One of the things I love in reading is the sudden expansion of consciousness that you get when an allusion comes alive in your mind. My most vivid reading memories from teenage years involve experiences of that kind.

In one, I was fourteen, in a Spartan holiday camp in the lovely Drakensberg Mountains in South Africa, reading C S Lewis’s That Hideous Strength. We children were in one chilly, bare-floored, stone-walled ‘rondavel’ hut, our parents in another. Suddenly I came on the statement that Merlin’s magic ultimately derived from … Numenor! I loved The Lord of the Rings and had already … Continue Reading

John Greening, Vapour Trails – review

In his introduction to Vapour Trails Greening writes, ‘A half-decent poetry review should be readable well beyond its original publication date and entertain you whether or not you are interested in the book (or even the genre); it must give you some idea, pretty economically, what the poet’s collection is like; and it should offer you a way in to the work, suggesting with greater or lesser subtlety whether it’s worth your time.’

So what makes these reviews still worth our time? Partly it’s the sweep and penetration of Greening’s judgements, partly the sheer pleasure of his language.

Making clear distinctions is … Continue Reading

Michael Longley, The Candlelight Master – review

One of the pleasures of this book is the way it gives us more of what Longley has been giving for so long: more orchids and otters, splinter-moments of Homeric epic, addresses to fellow artists, old friends and family members. For readers familiar with his work, any of Longley’s books, almost, indeed, any of his poems, will seem to reach out into many others. He’s a poet of individually mostly short, sometimes tiny pieces, but the way one leads into another gives his writing a paradoxical amplitude and reach. And however much he revisits the same preoccupations, he’s never simply … Continue Reading

Jen Hadfield, The Stone Age – review


You can read my review of The Stone Age in the London Grip by clicking here.

Ciaran Carson, Still Life – review


You can read my review of this fine collection in The London Grip by clicking here.

Inspiring form

I was very struck by this passage from an interview with Thom Gunn, quoted by Lisa McCabe on Twitter. It’s the most complete statement I’ve seen of something that I imagine will be dimly felt by everyone who tries to write seriously in a technically challenging way. Asked what the constriction of a pre-determined form pressed him (or one) to do, Gunn answered


It presses you to explore the subject. That’s the simple answer. It presses you to explore everything: the subject itself, your reactions to it, to explore language. There’s a fascinating thing that happens with the need … Continue Reading

Sean Borodale, Intimates – review

All the poems in Sean Borodale’s Intimates are about insects and, according to the cover blurb, all those described are found in and around the author’s house. Within this narrow, familiar space he sees a fabulously varied strangeness. Written with skill, originality and imaginative dedication by an author praised to the skies by eminent judges, it’s a book I expected to find compelling, as many people surely will. However, I personally read it with more respect than warmth or involvement.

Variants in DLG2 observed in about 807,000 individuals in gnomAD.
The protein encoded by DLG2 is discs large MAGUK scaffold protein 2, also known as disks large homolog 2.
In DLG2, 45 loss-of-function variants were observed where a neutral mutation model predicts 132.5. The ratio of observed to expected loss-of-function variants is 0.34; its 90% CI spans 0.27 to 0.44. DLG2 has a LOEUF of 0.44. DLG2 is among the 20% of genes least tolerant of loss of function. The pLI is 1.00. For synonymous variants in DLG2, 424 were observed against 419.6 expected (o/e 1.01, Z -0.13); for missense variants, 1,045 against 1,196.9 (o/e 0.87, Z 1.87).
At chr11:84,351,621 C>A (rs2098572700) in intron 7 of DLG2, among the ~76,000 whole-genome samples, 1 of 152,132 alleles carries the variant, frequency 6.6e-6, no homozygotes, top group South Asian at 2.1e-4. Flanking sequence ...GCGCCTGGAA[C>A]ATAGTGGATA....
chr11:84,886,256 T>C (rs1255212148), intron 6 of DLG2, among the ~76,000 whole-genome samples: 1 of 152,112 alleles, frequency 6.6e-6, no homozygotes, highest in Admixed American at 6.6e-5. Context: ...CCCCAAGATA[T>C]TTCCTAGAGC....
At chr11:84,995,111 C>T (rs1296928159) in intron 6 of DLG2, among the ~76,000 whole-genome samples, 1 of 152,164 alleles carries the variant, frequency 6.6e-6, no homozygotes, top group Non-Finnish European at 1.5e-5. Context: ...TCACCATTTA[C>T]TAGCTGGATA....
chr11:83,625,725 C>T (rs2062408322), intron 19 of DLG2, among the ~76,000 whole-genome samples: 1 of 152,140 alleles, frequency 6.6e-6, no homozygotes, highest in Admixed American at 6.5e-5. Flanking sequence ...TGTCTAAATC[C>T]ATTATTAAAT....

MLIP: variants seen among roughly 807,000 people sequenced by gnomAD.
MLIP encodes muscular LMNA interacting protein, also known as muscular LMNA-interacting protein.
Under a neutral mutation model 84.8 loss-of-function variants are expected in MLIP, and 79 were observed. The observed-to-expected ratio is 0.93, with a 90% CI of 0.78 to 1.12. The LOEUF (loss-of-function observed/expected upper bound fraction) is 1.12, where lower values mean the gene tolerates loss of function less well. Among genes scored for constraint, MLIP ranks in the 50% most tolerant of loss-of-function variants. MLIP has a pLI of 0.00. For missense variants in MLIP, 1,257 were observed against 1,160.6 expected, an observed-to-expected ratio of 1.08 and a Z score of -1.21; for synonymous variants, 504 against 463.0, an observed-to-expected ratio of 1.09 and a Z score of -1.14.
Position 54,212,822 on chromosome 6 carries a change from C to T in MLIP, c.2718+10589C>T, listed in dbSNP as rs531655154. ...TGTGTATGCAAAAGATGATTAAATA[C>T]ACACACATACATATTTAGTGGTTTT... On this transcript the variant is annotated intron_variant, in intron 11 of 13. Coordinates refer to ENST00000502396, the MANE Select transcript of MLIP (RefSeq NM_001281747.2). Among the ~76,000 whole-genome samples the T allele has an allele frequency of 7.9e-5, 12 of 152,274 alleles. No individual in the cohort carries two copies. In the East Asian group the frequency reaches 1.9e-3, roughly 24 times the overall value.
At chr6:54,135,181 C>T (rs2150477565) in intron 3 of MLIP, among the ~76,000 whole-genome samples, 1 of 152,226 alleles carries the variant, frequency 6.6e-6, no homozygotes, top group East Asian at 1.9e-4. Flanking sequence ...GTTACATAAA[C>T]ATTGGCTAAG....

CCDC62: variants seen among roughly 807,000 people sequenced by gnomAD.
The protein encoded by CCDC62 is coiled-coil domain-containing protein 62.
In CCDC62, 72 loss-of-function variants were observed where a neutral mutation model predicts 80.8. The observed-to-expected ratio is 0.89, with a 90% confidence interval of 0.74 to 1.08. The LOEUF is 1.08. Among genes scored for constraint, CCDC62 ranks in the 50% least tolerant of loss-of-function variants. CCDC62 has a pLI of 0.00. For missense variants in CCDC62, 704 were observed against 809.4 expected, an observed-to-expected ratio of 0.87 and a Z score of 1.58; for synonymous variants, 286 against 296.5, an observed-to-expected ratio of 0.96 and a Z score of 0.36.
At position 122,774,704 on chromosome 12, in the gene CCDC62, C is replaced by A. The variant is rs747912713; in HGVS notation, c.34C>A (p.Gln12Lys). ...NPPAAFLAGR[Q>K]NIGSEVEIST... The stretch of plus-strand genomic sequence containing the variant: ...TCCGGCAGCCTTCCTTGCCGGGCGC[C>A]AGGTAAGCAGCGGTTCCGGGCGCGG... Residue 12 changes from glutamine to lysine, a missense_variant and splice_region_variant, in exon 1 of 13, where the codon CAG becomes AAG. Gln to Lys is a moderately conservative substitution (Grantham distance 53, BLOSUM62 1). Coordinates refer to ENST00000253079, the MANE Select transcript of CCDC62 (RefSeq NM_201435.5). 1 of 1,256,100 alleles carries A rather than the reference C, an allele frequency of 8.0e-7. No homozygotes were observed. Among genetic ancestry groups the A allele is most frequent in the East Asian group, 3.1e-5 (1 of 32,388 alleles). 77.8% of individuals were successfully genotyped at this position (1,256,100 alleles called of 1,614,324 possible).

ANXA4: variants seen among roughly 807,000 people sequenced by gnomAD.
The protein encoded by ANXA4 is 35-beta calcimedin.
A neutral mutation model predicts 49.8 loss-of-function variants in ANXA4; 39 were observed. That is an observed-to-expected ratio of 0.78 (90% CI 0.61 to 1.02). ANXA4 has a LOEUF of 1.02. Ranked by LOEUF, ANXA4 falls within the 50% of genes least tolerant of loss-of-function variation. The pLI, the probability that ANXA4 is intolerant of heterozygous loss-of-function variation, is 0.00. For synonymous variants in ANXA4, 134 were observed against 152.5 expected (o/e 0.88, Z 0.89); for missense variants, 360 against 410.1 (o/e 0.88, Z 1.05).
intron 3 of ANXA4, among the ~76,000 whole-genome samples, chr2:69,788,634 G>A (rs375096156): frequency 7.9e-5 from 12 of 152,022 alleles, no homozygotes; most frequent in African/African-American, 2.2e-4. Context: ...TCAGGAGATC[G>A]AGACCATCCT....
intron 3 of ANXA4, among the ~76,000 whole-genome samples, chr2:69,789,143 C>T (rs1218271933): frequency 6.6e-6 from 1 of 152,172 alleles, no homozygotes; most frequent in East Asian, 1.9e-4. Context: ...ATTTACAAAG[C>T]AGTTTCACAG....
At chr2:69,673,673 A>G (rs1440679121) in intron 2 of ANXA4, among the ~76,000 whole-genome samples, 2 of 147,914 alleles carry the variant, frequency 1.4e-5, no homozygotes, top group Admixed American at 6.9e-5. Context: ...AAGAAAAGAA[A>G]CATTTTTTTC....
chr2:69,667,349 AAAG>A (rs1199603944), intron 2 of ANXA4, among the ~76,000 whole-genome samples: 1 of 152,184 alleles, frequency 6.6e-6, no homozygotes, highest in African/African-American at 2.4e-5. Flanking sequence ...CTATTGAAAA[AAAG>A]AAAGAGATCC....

Though they’re written in a highly wrought, bardic style and at a high pitch of intensity, I found most of the … Continue Reading

David Constantine, Belongings – review

If Glenday’s Selected Poems persistently look inwards, those of David Constantine’s Belongings are focused outwards, on the world around the poet. A short review can’t do justice to their range, seriousness, individuality or challenge. They pay extremely close attention to what in ‘Maps’ Constantine calls ‘the holy particulars’: individual people, animals, trees and events at specific times and in specific places. This is where he finds the solidity and significance he describes as ‘presence’. Sometimes they involve large, easily recognizable social issues, but the focus is always on the concrete and particular, not the abstract and general. Wider connections … Continue Reading

John Glenday, Selected Poems – review

John  Glenday’s Selected Poems adds nine pieces to a selection of work from his five previous books. It’s a small output for the time he’s been writing but a very fine one.

The main features of his work have been clear from the beginning: avoidance of rhetoric, meticulous craftsmanship, love of balanced forms, and skill in combining musical qualities with a conversational style. These features are integrally related to the way the ‘I’ of the poems seems to think and feel. His voice is quiet and measured, though what he says can be startling or disturbing. Even when directly addressing the … Continue Reading

The Barbarians Arrive Today C. P. Cavafy, translated by Evan Jones – review

‘Traditore traduttore.’ All translations involve distortion, dilution or both, and good translations of great poetry tease us with the desire to get closer to the original than any one version can bring us. Evan Jones’s The Barbarians Arrive Today gives all the canonical poems and a large number of unpublished ones (Jones calls them ‘hidden’) in English translation only, together with nine prose pieces. It’s a valuable supplement to existing translations, for those who already know Cavafy, and a good point of entry for those who don’t. There are masterstrokes in it that throw a brighter light on particular poems … Continue Reading